Flood-relief camps have been set up for people affected in Muzaffargarh
A West Midlands aid worker says greater co-ordination is needed in the distribution of supplies in the worst-hit areas in the Pakistan floods.
Mohammed Aslam is the founder of Walsall charity International Aid Trust and has travelled out to the Muzaffargarh region of the country.
At least 1,600 people are thought to have been killed with the north west part of Pakistan worst affected.
Britain has raised around £35 million in aid so far.
Earthquakes, tsunami, floods
With 20 million people affected by the rising waters and the continued threat of disease, the need for aid to reach the key areas of Pakistan is critical.
Mr Aslam has been involved with charity work for more than 20 years and started his own organisation, Midland International Aid Trust, in 2001.
Since then he has been an active relief worker in some of the biggest disaster areas around the world including 2010 earthquake in Haiti and areas affected by the Boxing Day tsunami in 2004.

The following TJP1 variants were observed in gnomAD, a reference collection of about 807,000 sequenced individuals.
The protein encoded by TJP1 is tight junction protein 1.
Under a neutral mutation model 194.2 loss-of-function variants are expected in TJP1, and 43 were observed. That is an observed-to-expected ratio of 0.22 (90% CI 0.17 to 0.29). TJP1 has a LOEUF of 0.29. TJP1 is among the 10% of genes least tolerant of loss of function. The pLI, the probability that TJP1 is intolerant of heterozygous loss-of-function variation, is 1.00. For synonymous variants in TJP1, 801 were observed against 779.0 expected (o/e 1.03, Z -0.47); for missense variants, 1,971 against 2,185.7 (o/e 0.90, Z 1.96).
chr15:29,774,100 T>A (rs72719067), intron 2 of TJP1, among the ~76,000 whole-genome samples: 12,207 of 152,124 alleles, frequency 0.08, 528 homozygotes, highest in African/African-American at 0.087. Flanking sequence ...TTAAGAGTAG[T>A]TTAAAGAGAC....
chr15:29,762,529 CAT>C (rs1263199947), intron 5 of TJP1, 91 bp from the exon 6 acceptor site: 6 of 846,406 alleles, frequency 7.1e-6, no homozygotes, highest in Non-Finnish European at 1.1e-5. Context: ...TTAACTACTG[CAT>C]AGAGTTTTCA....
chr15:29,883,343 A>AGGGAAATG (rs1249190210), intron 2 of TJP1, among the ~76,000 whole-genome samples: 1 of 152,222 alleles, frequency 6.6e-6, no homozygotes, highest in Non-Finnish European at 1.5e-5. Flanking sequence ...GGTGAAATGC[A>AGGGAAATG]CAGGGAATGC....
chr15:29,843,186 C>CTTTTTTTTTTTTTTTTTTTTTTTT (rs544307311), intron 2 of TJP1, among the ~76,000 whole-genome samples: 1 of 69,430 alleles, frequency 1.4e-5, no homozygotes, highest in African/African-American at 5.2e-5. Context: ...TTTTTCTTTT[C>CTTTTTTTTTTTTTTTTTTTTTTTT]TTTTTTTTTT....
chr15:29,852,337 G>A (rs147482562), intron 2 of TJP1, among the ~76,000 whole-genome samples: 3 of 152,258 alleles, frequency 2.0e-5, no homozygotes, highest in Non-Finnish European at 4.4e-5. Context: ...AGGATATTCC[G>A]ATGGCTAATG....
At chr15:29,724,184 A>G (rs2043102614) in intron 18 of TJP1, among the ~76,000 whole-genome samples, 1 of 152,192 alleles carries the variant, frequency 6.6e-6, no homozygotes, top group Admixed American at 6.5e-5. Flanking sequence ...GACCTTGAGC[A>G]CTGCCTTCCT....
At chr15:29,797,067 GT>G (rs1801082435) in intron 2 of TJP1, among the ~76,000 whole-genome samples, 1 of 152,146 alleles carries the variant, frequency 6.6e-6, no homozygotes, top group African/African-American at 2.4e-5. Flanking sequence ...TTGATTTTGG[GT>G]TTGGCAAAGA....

Mr Aslam has gone to Muzaffargarh region in the south-west part of Pakistan where he is helping to organise and distribute supplies, including food and clean water.
More co-ordination needed
Speaking to BBC WM's Breakfast show he said the aid effort across Pakistan needs greater control and that the government could be helping to ensure that happens.
"There is no co-ordination whatsoever.
"There are some places that receive food twice a day and some places where there's no food for a week," he said.
"It's simple, they could make a list of the tents and how many people live in them to make sure everyone gets food but this is not happening at all.
"I urge the [UK] government to please [do it]. It's not complicated at all."